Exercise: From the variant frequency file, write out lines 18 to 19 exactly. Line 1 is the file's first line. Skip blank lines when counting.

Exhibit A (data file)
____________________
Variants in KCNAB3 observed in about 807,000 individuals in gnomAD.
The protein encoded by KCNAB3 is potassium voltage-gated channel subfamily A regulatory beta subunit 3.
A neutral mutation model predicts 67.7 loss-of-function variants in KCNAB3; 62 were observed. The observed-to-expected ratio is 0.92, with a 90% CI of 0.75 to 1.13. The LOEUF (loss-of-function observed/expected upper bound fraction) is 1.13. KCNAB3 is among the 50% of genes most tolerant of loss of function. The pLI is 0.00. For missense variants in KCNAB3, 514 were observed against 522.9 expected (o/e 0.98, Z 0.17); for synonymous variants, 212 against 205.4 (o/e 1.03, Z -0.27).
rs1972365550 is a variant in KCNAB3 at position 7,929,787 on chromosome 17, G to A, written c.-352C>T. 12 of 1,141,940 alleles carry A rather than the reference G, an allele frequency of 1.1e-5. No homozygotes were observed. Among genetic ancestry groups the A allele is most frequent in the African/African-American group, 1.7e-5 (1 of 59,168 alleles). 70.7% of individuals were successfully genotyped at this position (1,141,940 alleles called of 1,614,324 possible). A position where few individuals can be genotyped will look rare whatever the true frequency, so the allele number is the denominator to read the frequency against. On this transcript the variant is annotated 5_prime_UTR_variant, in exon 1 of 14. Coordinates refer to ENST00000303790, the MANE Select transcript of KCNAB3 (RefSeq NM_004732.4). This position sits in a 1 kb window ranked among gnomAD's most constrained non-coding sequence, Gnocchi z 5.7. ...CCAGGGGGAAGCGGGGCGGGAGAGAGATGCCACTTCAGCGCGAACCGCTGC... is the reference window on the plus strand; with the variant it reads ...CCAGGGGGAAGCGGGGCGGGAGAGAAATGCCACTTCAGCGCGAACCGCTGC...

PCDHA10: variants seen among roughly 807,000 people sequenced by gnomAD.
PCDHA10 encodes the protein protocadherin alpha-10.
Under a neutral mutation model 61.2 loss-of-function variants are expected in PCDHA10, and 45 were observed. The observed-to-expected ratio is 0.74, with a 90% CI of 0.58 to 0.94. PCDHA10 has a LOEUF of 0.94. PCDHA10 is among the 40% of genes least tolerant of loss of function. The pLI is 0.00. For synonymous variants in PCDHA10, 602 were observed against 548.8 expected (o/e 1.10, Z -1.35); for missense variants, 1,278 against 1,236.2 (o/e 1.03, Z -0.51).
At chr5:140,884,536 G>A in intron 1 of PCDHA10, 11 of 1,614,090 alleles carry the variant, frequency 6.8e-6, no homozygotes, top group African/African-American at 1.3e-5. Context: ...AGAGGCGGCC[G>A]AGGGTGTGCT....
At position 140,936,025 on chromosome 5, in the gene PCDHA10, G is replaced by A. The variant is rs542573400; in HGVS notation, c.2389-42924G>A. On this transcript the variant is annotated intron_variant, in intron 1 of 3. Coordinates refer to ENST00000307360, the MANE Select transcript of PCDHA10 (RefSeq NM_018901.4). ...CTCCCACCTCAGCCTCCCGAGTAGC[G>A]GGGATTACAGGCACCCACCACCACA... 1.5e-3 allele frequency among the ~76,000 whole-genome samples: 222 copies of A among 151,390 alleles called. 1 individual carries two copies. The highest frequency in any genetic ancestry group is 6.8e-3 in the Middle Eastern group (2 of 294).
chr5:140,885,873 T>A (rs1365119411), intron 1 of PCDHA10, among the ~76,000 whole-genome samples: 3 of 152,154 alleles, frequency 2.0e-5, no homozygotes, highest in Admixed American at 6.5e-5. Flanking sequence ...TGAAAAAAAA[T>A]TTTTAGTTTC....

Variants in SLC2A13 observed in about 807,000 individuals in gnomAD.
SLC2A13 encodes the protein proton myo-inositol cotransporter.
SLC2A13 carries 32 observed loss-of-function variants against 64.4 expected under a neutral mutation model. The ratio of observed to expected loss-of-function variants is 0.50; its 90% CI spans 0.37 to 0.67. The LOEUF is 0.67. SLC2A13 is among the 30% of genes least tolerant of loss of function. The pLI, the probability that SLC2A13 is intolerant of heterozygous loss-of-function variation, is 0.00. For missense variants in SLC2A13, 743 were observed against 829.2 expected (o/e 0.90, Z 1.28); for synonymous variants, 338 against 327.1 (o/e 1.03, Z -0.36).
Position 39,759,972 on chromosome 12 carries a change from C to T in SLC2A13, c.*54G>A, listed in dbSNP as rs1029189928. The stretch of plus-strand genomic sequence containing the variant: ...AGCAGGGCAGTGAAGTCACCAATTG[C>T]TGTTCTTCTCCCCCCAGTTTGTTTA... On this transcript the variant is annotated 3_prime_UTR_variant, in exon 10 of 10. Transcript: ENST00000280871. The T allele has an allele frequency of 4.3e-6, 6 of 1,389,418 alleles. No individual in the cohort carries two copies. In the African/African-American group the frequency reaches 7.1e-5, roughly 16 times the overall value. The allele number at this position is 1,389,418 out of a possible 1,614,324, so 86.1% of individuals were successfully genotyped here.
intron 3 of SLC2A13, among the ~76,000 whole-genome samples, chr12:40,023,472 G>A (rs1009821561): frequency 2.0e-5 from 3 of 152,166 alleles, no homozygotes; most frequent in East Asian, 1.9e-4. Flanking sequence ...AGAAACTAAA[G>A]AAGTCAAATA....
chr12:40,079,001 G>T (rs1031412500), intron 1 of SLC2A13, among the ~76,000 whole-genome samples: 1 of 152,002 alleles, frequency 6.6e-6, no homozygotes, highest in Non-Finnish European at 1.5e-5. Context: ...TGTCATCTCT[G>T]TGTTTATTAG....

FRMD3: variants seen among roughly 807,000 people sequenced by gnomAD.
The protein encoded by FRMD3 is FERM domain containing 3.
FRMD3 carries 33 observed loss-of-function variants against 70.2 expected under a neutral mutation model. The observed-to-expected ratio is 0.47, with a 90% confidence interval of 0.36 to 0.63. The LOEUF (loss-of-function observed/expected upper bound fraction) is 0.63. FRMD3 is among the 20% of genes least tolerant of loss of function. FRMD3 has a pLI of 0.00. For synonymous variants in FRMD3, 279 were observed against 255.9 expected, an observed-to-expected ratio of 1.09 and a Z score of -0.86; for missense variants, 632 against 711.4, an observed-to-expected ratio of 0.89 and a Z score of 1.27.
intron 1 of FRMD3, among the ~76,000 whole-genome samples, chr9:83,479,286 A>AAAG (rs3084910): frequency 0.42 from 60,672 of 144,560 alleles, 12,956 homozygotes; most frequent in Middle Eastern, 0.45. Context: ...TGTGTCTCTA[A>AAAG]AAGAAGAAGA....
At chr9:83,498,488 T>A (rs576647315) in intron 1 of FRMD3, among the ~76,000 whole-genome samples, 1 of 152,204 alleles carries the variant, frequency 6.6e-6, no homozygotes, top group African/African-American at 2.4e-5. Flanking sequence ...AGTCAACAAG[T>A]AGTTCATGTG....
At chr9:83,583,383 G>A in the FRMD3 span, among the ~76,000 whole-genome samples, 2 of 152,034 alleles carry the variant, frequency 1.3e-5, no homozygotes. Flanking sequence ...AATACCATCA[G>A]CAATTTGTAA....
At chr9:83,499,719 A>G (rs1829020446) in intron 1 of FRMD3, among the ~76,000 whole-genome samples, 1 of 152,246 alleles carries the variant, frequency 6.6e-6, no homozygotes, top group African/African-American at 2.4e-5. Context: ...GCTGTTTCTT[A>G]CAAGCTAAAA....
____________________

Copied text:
The protein encoded by FRMD3 is FERM domain containing 3.
FRMD3 carries 33 observed loss-of-function variants against 70.2 expected under a neutral mutation model. The observed-to-expected ratio is 0.47, with a 90% confidence interval of 0.36 to 0.63. The LOEUF (loss-of-function observed/expected upper bound fraction) is 0.63. FRMD3 is among the 20% of genes least tolerant of loss of function. FRMD3 has a pLI of 0.00. For synonymous variants in FRMD3, 279 were observed against 255.9 expected, an observed-to-expected ratio of 1.09 and a Z score of -0.86; for missense variants, 632 against 711.4, an observed-to-expected ratio of 0.89 and a Z score of 1.27.